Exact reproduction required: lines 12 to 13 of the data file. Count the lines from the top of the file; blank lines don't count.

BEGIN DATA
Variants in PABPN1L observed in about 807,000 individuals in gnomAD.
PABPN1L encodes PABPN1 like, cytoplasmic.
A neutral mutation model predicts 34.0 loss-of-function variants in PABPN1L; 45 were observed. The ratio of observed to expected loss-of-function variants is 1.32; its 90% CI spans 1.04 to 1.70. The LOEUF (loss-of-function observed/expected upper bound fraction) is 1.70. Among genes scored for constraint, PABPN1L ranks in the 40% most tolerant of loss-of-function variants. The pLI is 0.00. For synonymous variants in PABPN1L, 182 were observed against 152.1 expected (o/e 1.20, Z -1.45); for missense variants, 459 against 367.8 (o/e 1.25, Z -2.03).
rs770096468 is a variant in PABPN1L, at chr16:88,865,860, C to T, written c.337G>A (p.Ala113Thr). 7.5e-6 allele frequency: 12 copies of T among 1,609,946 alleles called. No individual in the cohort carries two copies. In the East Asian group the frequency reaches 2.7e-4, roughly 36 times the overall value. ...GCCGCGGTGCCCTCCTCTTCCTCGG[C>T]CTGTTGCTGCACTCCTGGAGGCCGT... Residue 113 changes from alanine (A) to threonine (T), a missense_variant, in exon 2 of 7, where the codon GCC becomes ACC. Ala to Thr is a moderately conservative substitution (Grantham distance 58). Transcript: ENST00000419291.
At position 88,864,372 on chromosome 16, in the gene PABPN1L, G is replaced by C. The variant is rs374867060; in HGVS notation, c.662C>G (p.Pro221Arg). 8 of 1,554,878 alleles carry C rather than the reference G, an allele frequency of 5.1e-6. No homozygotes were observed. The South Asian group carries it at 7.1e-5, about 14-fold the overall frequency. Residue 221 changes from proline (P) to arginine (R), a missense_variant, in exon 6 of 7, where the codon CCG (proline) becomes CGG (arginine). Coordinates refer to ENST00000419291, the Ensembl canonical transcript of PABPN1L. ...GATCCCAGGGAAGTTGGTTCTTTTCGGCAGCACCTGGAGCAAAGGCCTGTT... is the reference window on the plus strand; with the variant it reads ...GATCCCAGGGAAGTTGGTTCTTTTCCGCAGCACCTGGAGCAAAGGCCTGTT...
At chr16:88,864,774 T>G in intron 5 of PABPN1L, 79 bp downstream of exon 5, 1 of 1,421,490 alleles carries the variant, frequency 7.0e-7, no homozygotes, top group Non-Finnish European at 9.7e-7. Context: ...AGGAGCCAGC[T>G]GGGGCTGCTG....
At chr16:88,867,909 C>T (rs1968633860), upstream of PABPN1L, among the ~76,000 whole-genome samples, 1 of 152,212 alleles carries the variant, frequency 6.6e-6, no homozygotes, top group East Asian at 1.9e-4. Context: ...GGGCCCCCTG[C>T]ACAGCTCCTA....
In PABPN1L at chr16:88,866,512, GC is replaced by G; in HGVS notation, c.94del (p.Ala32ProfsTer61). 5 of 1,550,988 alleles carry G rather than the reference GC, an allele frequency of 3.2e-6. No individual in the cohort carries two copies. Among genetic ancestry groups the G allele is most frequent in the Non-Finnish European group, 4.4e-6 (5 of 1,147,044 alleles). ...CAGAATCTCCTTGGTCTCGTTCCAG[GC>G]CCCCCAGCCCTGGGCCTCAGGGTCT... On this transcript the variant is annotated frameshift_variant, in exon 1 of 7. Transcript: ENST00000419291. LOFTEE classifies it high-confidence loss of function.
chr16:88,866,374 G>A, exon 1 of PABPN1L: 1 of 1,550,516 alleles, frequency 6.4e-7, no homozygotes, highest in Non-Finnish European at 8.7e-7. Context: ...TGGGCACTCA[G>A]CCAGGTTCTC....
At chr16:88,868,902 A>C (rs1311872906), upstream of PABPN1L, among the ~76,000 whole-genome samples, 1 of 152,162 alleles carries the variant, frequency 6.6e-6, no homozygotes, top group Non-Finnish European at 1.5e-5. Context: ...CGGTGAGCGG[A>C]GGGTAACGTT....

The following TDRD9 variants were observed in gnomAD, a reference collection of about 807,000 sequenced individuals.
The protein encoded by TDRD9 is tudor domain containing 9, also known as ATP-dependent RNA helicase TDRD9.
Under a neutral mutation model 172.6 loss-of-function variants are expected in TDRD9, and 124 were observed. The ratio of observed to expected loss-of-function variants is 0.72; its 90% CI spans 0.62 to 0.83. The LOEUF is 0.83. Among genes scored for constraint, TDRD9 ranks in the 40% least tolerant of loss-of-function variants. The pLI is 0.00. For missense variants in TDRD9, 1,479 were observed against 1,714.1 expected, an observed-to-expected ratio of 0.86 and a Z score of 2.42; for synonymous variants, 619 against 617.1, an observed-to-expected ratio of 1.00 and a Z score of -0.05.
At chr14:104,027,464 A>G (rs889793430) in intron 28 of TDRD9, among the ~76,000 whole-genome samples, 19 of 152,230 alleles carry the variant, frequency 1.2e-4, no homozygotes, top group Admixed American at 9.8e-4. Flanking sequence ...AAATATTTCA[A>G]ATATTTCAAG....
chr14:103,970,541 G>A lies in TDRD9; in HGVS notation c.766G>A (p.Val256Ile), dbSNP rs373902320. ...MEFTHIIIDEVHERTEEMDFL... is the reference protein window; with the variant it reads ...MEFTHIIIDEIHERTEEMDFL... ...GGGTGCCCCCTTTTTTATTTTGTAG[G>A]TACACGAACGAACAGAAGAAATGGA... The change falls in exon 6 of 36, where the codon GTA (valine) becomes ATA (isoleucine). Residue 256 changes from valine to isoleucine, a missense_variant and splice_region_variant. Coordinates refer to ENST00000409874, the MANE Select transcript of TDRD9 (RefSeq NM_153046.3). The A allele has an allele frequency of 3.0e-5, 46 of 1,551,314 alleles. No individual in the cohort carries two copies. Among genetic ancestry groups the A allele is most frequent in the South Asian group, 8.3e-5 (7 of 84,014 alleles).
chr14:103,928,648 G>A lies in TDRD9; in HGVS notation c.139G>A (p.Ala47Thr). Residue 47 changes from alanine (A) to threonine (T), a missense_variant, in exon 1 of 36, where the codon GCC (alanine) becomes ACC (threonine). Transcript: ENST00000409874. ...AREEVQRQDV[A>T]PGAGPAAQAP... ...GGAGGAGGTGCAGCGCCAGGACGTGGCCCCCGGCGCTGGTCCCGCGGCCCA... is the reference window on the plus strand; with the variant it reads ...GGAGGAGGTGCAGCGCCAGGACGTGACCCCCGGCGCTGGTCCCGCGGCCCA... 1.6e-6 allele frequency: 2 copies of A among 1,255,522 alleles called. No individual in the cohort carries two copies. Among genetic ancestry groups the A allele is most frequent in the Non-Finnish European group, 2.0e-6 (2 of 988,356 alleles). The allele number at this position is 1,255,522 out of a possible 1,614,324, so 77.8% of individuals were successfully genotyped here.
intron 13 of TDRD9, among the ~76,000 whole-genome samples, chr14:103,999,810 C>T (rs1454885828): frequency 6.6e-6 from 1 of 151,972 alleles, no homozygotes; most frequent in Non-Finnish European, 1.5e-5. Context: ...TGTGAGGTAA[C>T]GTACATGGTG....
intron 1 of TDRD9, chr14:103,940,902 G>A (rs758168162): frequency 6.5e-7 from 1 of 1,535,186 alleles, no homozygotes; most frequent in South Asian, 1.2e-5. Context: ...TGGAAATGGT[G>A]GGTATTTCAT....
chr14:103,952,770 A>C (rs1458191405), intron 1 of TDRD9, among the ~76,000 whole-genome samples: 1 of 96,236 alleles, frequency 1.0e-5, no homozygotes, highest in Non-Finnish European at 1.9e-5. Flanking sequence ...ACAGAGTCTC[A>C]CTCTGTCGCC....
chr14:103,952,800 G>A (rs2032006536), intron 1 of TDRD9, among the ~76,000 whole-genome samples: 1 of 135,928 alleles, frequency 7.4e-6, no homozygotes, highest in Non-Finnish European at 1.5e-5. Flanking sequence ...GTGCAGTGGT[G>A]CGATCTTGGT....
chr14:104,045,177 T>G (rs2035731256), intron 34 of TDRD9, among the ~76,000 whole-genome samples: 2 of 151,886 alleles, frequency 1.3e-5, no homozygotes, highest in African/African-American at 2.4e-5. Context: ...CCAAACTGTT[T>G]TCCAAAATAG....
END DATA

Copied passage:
The protein encoded by TDRD9 is tudor domain containing 9, also known as ATP-dependent RNA helicase TDRD9.
Under a neutral mutation model 172.6 loss-of-function variants are expected in TDRD9, and 124 were observed. The ratio of observed to expected loss-of-function variants is 0.72; its 90% CI spans 0.62 to 0.83. The LOEUF is 0.83. Among genes scored for constraint, TDRD9 ranks in the 40% least tolerant of loss-of-function variants. The pLI is 0.00. For missense variants in TDRD9, 1,479 were observed against 1,714.1 expected, an observed-to-expected ratio of 0.86 and a Z score of 2.42; for synonymous variants, 619 against 617.1, an observed-to-expected ratio of 1.00 and a Z score of -0.05.